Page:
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Activists Want Illicit Cash Flows From Africa Stopped


Currency dealer counts Kenya shillings at a money exchange counter in Nairobi, Oct. 2008 (file photo).

Currency dealer counts Kenya shillings at a money exchange counter in Nairobi, Oct. 2008 (file photo).

A 2009 report by the Organization for Economic Cooperation and Development (OECD) estimates that illicit flows of cash from developing countries amounts to between $500 and $800 billion each year - funds that could otherwise be used to fund development in those countries. In sub-Saharan Africa, tax evasion is one of the main blocks to improving quality of life for the average person. Civil society groups met in Nairobi recently to discuss what capital flight looks like in Africa and what can be done to stop it.

Lawyer Attiya Waris, vice-chair of the British-based Tax Justice Network, explains that tax evasion by multinational companies accounts for two-thirds of sub-Saharan Africa’s estimated $480 billion per year capital flight.

She says trade mispricing, false invoicing and manipulation of tax policies are the most common methods.

“There are two sets of accounts usually; this is how people avoid and evade taxes," said Waris. "There is one set that companies have officially, and there is one set that they actually provide to government.

Kristina Froberg, policy and advocacy officer with the Swedish group Forum Syd, gives one example of how a company in Kenya set up a subsidiary in Switzerland. The Swiss subsidiary ordered a shipment of buckets from the company in Kenya at a price of $1,000 for each bucket.

“Now, the real price might have been half a dollar, and that is the price that the company in Kenya is going to get if they sell those buckets, and that is the price that they would have paid if they would have bought it somewhere else," said Froberg. "But the rest - 999.5 dollars - that they paid to Switzerland, that is just a way of transferring the profits, the money they have within the company in Kenya, to Switzerland.”

Lawyer Waris gives an example of how international companies that mine tanzanite - which can fetch as high as $725 per carat - have manipulated Tanzania’s tax holiday.

“Did you know that, 30 years ago, the Tanzanian government sold off the tanzanite concession for $20,000? Every 10 years, a new company buys the concession from another company, from the previous company, which means that that 10 years' tax holiday has been continuing for the past 30 years. The Tanzanian government has never received tax for tanzanite," said Waris.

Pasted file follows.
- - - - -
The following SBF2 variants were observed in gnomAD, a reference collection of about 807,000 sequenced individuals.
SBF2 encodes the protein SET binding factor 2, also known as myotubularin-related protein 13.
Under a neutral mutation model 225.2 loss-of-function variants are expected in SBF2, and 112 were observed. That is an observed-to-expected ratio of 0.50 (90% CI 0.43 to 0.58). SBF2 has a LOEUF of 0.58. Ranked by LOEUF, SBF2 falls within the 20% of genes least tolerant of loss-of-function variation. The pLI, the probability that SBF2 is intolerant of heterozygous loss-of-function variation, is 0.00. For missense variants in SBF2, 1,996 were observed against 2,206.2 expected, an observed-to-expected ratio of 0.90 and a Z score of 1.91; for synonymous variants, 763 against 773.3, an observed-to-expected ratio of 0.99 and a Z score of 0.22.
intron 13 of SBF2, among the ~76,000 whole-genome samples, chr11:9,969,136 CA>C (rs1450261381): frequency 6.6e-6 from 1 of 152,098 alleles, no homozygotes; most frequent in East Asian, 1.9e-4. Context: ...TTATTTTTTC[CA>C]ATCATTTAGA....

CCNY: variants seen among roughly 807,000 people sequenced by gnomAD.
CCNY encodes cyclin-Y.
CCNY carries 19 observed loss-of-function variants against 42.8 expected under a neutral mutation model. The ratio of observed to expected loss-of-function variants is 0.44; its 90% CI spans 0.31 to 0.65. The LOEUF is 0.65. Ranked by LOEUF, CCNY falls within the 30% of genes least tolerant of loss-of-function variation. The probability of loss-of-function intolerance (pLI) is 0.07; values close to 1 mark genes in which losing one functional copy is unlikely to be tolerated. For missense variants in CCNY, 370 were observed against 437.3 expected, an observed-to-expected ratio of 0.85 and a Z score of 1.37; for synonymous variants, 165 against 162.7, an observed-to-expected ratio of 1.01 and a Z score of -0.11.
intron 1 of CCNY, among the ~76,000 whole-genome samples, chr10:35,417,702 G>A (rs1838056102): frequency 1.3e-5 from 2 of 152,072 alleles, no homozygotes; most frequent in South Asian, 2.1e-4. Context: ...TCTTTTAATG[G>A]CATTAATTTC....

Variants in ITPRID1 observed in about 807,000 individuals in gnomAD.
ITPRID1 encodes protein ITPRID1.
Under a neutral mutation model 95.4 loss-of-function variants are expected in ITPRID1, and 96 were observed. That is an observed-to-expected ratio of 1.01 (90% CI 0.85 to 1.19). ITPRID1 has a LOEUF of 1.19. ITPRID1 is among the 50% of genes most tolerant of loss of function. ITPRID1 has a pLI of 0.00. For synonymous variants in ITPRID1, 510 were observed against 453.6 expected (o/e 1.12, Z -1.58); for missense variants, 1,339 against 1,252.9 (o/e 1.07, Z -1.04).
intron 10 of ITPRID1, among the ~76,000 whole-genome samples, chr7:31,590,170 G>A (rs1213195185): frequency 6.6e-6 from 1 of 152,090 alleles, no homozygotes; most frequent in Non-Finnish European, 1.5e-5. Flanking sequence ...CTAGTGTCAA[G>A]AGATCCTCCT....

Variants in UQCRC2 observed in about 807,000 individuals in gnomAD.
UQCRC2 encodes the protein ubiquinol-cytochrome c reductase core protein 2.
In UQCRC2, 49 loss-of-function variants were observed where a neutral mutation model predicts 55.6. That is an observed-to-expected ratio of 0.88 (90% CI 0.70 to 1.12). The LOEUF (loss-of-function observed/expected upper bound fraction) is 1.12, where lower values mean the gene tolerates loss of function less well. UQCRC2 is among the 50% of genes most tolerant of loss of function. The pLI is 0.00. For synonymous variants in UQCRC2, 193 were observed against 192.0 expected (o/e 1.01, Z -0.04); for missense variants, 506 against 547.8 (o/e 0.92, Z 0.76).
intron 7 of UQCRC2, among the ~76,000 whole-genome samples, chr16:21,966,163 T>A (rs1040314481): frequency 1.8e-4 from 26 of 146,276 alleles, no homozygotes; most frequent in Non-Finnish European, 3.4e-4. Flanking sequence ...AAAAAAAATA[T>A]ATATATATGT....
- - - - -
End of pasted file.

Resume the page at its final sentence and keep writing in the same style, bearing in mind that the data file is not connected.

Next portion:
The end result, say Waris and Froberg, is that African governments and developing countries around the world lose up to four times the budget that is needed to implement the Millennium Development Goals on health, education, water and sanitation, and other human development targets.

Lower tax revenues also increase African dependence on foreign aid.

Measures such as the World Bank’s Stolen Asset Recovery Initiative are attempting to stop the huge capital flight.

Froberg says that, on an international level, countries need to exchange information on capital flows and holders of suspicious bank accounts, especially in tax haven locations.

Waris says locally, activists should monitor corporate activities and publicize attempts at tax evasion. She gives the example of a report by Action Aid, which found that a huge, pan-African beer company was paying zero percent corporation tax in Africa.

“The result of it was that six African tax administrations are now doing a joint tax audit of SAB Miller in Africa," she said. "It is the first time in the history of the world that you have cooperation between six tax authorities.”

Waris urges civil society groups to continue such investigations and work with governments to crack down on tax evaders.

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